Return of Gussie Fink Nottle
Some of you may have my earlier adventures in Gussie’s avatar when I gave out the prizes in a village school we had adopted as part of our CSR activities. For the newbie, here is the link
Now once again I had an invitation from a school to attend their literature day as a chief guest.
It happened like this. The principal of an international school is a loyal follower of my blog and has actually read almost everything that I have written. She has also read my book and admired it greatly and has shared her opinion and appreciation of the book in particular and my writing in general on the social media. Totally flattered on having an intelligent articulate attractive young lady fan, we were in touch through social media.
Incidentally, a great many more women read than men, and they also comment and express their appreciation, often getting in touch with the author. This is one of the major perks of writing and a superb incentive to aging nerds like me.
Her school was celebrating a literary week where they invite an author to give an inspiring speech, and decided to invite me this year. Thrilled at the prospect of being recognised as a writer, I gladly accepted.
I anguished over what to wear, and remembering gussie and the split trouser theory, I gave ethnic wear a miss, thus avoiding entertaining the students with wardrobe malfunctions, as dhotis and churidars have a nasty habit of unravelling at inopportune moments; and stuck to sober casuals.
Fortified with plain orange juice I landed up at the impressive sprawling premises of the residential school, a little way outside the city. As I was ushered to the principal’s room, the memories of being sent up to see the principal came surging out of the unconscious, creating flutters in the stomach. There were a few young thugs waiting outside the boss’s lair, but they seemed unperturbed by the imminent interview. Perhaps the ubiquitous cane having been eliminated from the proceedings have resulted in such sangfroid.
The principal’s room was huge, much larger than mine, but it was not manned by a fire breathing ogre nine feet high in a cassock and a front to back collar; but a petite demure lady in a sari, whose rimless glasses were the only severe aspect and kept me from being flippant and flirtatious.
I was taken around the campus on a tour. The boys’ hostel evoked strong feelings of nostalgia. I even entered that place I had often dreamt of visiting in my misspent youth; the girls’ hostel. Needless to say, the children were in class and not in the dorms. A couple of boys were flushed out from under a tree outside the girls’ hostel and sent packing, after hearing their lame excuses for their presence there. My heart went out to the poor blighters.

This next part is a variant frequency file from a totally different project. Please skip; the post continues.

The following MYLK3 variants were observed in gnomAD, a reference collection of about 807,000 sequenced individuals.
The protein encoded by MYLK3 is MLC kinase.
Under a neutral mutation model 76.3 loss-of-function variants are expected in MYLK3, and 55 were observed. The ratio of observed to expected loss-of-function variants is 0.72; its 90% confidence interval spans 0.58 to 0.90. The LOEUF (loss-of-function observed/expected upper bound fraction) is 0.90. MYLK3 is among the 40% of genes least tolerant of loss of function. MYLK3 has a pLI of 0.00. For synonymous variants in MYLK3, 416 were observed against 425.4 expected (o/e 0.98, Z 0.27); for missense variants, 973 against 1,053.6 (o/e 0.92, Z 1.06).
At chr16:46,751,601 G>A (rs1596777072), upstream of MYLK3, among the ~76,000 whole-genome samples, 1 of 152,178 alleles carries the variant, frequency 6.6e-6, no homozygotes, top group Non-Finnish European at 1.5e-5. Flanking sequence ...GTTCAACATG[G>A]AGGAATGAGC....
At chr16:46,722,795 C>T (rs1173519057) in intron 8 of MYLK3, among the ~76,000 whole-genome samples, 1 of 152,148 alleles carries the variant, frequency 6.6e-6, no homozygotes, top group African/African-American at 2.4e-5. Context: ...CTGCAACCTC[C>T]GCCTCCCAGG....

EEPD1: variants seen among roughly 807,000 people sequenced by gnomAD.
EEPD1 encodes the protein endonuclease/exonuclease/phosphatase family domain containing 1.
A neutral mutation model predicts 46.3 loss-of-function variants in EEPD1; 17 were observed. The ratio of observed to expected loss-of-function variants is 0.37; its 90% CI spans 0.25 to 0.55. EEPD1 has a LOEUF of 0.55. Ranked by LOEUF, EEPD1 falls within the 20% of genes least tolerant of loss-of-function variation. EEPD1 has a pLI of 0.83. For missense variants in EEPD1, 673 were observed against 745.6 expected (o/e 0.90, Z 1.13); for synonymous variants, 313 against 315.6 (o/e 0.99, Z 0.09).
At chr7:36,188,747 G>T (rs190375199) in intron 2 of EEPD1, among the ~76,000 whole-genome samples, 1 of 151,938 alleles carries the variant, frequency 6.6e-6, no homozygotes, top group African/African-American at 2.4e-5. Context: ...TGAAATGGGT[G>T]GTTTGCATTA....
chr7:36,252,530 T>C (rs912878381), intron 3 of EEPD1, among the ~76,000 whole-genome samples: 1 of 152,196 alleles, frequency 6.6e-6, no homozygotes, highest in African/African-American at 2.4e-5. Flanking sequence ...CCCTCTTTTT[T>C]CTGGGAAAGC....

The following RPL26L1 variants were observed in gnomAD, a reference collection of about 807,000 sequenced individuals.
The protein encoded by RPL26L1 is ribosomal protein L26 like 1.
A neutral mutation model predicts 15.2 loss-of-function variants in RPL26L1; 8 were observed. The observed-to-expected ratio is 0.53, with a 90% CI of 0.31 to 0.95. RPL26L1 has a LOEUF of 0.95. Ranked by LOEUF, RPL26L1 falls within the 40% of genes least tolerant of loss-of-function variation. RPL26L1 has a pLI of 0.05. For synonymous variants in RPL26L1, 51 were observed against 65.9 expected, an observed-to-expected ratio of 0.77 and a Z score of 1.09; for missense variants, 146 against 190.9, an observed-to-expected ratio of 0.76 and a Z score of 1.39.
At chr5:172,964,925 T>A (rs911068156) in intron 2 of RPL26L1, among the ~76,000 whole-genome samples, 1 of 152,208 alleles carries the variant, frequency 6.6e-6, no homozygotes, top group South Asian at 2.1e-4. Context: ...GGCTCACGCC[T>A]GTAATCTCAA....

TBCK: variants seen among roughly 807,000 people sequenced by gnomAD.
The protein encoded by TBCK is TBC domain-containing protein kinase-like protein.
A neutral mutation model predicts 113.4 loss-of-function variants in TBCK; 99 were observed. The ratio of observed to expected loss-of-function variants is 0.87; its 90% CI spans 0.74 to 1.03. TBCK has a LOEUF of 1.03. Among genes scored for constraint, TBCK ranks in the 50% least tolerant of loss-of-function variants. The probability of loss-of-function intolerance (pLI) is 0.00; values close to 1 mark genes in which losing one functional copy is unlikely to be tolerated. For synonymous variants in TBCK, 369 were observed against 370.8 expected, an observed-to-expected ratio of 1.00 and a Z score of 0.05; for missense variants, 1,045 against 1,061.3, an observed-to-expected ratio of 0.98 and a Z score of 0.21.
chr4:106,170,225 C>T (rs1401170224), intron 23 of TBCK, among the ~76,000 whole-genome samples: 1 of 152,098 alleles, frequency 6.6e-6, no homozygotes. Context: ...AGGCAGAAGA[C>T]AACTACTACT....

I then inspected some kids dressed as literary characters and looking miserable, all except mowgli, who was prancing around in his briefs and happily living up to the role of the wild jungle man cub without fear of reprisal from the teachers.
We proceeded to the auditorium and a surprise awaited me. There, among the decorations with literary themes, were three larger than life drawings; at the centre of which, flanked by Shakespeare and Wordsworth, was a replica of my book cover. I felt like the golf crazy Russian poet in one of plums golf stories, who thought that only Tolstoy and Shakespeare were any good, and comparable to him, and Wodehouse was tolerable, and the rest were rubbish.
Thoroughly pleased and embarrassed, I stoically sat through the performances of the much suffering volunteers, and the student body suffered them glumly, with bored clapping appreciating the end of individual bits. Only glitches were loudly appreciated.
Finally the dreaded moment came, and I had to earn my lunch. As the final item, the patience of the audience was stretched thin, and I had to tread cautiously, armed only with coconut water pick me ups.
Once again, forewarned by Gussie, I steered well clear of motivational talks. Instead, to give credence to my status as an author, I told them a story. To ensure total comprehension, I requested the vernacular language teacher to translate along in the local language, using all colloquialisms.
I made the story as politically incorrect as I could get away with, keeping the students happy, with a hidden message of tolerance and inclusiveness which would mollify the teachers. I acted, pranced, made animal noises and generally played the fool. Soon, the roars of laughter and appreciation that would be a match to the reception of Gussies speech came as music to my ears, and I could see the teachers smiling too.
After the speech I had a photo session with the kids and there was a mad scramble to shake my hands and take my autograph. A young lady wanted me to sign her shirt, but I dissuaded her warning her of her mother’s reaction, when she persuaded me to sign her hand.
This was my five minutes of fame promised to every citizen in this century. I briefly knew what rock stars feel all the time.
This is the story I told them, although altered to suit the mood.
Category Archives: novella
This is what a member of the Wodehouse fans club wrote to the group
Hi friends. I was waiting at my orthopedic Doctor’s clinic yesterday. The Doc was late by an hour. There were about 10 patients waiting impatiently. I was the only person happily engrossed in reading a Book ,with an occasional smile on my lips.I was oblivious about the strange looks given by other patients since I appeared to be least bothered about the delay. This was told by the receptionist who was watching all this and was quite amused.
Any guess about the Book?
Well, apparently every one in the group would say “PG of course. ”
But it was not PG for a change, it was this Book. 👇🏻